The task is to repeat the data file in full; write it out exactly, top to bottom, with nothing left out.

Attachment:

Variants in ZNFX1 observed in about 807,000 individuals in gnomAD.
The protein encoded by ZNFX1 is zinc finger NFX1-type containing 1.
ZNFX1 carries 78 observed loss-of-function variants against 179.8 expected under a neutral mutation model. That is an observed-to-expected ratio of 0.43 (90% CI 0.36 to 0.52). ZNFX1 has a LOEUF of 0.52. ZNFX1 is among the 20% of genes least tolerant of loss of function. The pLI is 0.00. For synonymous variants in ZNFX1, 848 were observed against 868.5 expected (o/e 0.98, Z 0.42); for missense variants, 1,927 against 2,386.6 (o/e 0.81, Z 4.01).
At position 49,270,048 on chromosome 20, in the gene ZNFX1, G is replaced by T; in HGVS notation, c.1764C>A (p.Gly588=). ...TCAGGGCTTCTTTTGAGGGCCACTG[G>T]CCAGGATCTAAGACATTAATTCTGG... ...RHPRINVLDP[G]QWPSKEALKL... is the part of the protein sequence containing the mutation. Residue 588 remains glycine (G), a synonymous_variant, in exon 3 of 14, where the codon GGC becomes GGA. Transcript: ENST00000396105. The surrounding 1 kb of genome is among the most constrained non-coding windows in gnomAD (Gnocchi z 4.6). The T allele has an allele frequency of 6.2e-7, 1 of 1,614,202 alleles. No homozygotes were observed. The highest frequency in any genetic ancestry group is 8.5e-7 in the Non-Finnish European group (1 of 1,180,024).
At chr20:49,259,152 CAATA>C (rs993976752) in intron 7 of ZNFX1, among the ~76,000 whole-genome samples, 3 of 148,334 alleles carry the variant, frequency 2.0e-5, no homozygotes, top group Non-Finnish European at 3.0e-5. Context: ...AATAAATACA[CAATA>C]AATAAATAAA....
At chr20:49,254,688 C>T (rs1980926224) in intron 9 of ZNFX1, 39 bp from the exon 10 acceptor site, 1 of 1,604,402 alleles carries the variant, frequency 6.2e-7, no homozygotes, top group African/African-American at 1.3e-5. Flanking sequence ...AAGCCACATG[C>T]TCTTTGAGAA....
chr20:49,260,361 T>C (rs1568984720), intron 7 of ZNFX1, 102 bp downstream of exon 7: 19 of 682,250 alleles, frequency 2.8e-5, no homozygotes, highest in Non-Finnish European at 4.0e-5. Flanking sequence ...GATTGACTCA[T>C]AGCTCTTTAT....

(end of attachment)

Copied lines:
Variants in ZNFX1 observed in about 807,000 individuals in gnomAD.
The protein encoded by ZNFX1 is zinc finger NFX1-type containing 1.
ZNFX1 carries 78 observed loss-of-function variants against 179.8 expected under a neutral mutation model. That is an observed-to-expected ratio of 0.43 (90% CI 0.36 to 0.52). ZNFX1 has a LOEUF of 0.52. ZNFX1 is among the 20% of genes least tolerant of loss of function. The pLI is 0.00. For synonymous variants in ZNFX1, 848 were observed against 868.5 expected (o/e 0.98, Z 0.42); for missense variants, 1,927 against 2,386.6 (o/e 0.81, Z 4.01).
At position 49,270,048 on chromosome 20, in the gene ZNFX1, G is replaced by T; in HGVS notation, c.1764C>A (p.Gly588=). ...TCAGGGCTTCTTTTGAGGGCCACTG[G>T]CCAGGATCTAAGACATTAATTCTGG... ...RHPRINVLDP[G]QWPSKEALKL... is the part of the protein sequence containing the mutation. Residue 588 remains glycine (G), a synonymous_variant, in exon 3 of 14, where the codon GGC becomes GGA. Transcript: ENST00000396105. The surrounding 1 kb of genome is among the most constrained non-coding windows in gnomAD (Gnocchi z 4.6). The T allele has an allele frequency of 6.2e-7, 1 of 1,614,202 alleles. No homozygotes were observed. The highest frequency in any genetic ancestry group is 8.5e-7 in the Non-Finnish European group (1 of 1,180,024).
At chr20:49,259,152 CAATA>C (rs993976752) in intron 7 of ZNFX1, among the ~76,000 whole-genome samples, 3 of 148,334 alleles carry the variant, frequency 2.0e-5, no homozygotes, top group Non-Finnish European at 3.0e-5. Context: ...AATAAATACA[CAATA>C]AATAAATAAA....
At chr20:49,254,688 C>T (rs1980926224) in intron 9 of ZNFX1, 39 bp from the exon 10 acceptor site, 1 of 1,604,402 alleles carries the variant, frequency 6.2e-7, no homozygotes, top group African/African-American at 1.3e-5. Flanking sequence ...AAGCCACATG[C>T]TCTTTGAGAA....
chr20:49,260,361 T>C (rs1568984720), intron 7 of ZNFX1, 102 bp downstream of exon 7: 19 of 682,250 alleles, frequency 2.8e-5, no homozygotes, highest in Non-Finnish European at 4.0e-5. Flanking sequence ...GATTGACTCA[T>C]AGCTCTTTAT....